Some countries are pretty good at branding their traditional foods and exporting them to the rest of the world. Take France and Italy as good examples.
So, what about Danish cuisine? Is it being exported anywhere?
NOMA, which was voted the best restaurant in the world for several years in a row, gave it a try by making foreigners go around foraging for mushrooms, moss, and branches in their nearby forest.
But if you want to eat what the real Danes eat, you shouldn’t get up early in the morning to roast ants for your oatmeal.
Instead, you should try one of the following dishes to get a truly Danish food experience.
When foreigners ask Danes what’s some typical Danish food, most would reply, smørrebrød. (Pronounced with soft d.)
This open-faced sandwich wonder can be found in about every Danish kid’s lunchbox as a simplified version. But adults would also gladly eat it for lunch at their workplace.
It comes in several different versions, but the basics is a slice of classic Danish rye bread –which is an experience in itself – topped with different kinds of meat or fish and decorated with cress, tomato, and cucumber. Make sure to put an emphasis on the word “topped”, if you want to try and make it yourself.
If you’re not quite sure how to get a true Danish smørrebrød experience then here are three traditional examples:
Pickled herring: This type of smørrebrød is quite famous as it often appears on the table for a traditional Christmas and Easter lunch. It consists of pickled herring, a spoonful of curry salad, which is basically sour cream whipped with curry, mustard, chopped eggs, onions, cornichons, and chopped apple. To finish it off, place some sliced onion and cress onto the sandwich.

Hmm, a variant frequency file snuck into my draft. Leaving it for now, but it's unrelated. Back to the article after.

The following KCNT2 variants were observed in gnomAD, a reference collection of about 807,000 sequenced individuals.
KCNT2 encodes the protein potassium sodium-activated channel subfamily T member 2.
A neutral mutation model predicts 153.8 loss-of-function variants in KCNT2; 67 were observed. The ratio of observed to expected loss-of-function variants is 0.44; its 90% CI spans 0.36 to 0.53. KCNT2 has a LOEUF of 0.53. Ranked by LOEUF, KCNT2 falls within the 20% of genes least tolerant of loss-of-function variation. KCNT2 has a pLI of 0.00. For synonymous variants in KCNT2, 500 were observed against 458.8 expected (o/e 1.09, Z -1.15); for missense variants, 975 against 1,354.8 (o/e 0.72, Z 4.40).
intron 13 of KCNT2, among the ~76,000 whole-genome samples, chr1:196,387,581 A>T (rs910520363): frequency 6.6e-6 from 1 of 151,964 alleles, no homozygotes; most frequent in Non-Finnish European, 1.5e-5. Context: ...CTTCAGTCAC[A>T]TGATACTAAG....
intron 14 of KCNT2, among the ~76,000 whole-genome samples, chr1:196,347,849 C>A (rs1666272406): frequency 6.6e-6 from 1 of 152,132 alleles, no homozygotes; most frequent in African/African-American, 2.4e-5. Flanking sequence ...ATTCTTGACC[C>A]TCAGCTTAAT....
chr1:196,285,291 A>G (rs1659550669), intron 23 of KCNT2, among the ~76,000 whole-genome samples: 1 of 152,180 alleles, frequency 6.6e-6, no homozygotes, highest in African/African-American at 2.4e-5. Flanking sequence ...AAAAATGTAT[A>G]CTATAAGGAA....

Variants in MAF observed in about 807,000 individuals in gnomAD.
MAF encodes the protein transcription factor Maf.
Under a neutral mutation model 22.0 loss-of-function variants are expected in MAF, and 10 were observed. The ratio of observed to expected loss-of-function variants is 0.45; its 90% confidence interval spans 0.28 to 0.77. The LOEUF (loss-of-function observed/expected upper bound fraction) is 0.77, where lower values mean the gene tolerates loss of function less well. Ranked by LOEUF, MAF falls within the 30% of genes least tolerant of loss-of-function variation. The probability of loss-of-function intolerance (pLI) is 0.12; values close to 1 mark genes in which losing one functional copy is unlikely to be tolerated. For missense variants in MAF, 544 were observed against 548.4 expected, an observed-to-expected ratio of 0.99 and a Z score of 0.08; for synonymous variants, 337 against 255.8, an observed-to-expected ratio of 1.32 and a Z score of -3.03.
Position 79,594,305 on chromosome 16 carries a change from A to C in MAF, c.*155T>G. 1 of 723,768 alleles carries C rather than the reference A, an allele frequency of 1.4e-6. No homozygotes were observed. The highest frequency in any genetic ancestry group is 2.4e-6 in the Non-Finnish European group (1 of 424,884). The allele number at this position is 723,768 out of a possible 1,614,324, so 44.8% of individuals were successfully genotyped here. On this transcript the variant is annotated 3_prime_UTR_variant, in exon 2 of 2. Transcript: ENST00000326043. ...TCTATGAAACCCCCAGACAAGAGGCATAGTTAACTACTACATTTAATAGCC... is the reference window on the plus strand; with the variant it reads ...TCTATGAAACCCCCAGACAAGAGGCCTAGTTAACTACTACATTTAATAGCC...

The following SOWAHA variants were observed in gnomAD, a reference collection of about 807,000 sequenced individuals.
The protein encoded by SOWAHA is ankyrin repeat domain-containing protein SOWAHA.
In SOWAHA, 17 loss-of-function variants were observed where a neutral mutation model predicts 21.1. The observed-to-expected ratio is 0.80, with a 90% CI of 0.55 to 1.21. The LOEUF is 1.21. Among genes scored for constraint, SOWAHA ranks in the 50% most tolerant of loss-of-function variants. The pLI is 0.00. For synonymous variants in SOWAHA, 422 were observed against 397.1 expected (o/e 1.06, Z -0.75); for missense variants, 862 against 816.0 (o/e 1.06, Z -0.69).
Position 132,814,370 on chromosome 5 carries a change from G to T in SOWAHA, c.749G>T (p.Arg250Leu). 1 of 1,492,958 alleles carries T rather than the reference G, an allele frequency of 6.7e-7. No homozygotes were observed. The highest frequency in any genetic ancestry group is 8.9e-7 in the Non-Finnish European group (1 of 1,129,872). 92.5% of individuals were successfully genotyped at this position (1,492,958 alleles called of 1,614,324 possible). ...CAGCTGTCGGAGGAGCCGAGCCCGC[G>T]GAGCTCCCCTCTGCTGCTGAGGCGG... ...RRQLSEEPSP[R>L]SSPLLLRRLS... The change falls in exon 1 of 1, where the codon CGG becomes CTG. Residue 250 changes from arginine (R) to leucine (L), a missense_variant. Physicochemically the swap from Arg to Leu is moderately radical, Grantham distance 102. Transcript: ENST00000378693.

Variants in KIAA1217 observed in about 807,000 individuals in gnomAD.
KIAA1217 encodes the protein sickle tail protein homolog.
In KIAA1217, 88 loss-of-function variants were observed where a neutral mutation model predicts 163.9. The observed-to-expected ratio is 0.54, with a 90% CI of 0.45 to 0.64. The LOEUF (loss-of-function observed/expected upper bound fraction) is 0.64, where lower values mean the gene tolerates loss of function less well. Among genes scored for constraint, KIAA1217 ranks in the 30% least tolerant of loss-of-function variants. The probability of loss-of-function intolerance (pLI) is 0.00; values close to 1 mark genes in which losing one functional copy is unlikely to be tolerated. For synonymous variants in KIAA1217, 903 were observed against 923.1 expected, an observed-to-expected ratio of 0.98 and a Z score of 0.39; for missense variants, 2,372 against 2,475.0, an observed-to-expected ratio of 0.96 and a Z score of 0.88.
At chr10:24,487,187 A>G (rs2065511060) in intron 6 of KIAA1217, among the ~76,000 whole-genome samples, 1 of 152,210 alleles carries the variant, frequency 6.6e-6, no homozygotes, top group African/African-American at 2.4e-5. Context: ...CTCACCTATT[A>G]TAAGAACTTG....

Liver paté: Either it sounds a little fancy for you, or you find the thought of liver made into paté a little disgusting. Either way, you’ll find several brands of liver paté in every Danish supermarket and in the fridge of almost any Danish household with kids for sure.
To make a piece of smørrebrød with liver paté, you’ll need the paté, a slice of jelly, and a piece of bacon to top it off. Yes, jelly. But not strawberry jelly or blueberry jelly. No, you need beef stock jelly to make that piece of smørrebrød wiggle.
Egg and shrimps: You might think: “yay, foods I know.” The piece of smørrebrød with eggs and shrimps is a favorite among Danes as well, so you will probably like it too.
It’s very simple. Just sliced eggs topped with mayonnaise, shrimps, and cress to make your mamma happy.
Now go and have a piece of smørrebrød right this instance.
Almost every country in the world will have a version of the classic hot dog and Denmark is no exception.
You can either make it yourself or go to one of the cute hotdog trucks parked throughout Copenhagen.
If you go to one of the hot dog trucks, you just order one “with everything.” By saying this you are up for quite a Danish mouthful, as it comes with a condiment called remoulade. (Pronounced with soft d – I’m so sorry.)
This yellow condiment is usually eaten with things like sausages, fish cakes, and fried filets of fish but it also goes well with hot dogs. Remoulade is made out of mayonnaise, sour crème, onion, cornichons, chives, and turmeric, which gives it the characteristic color.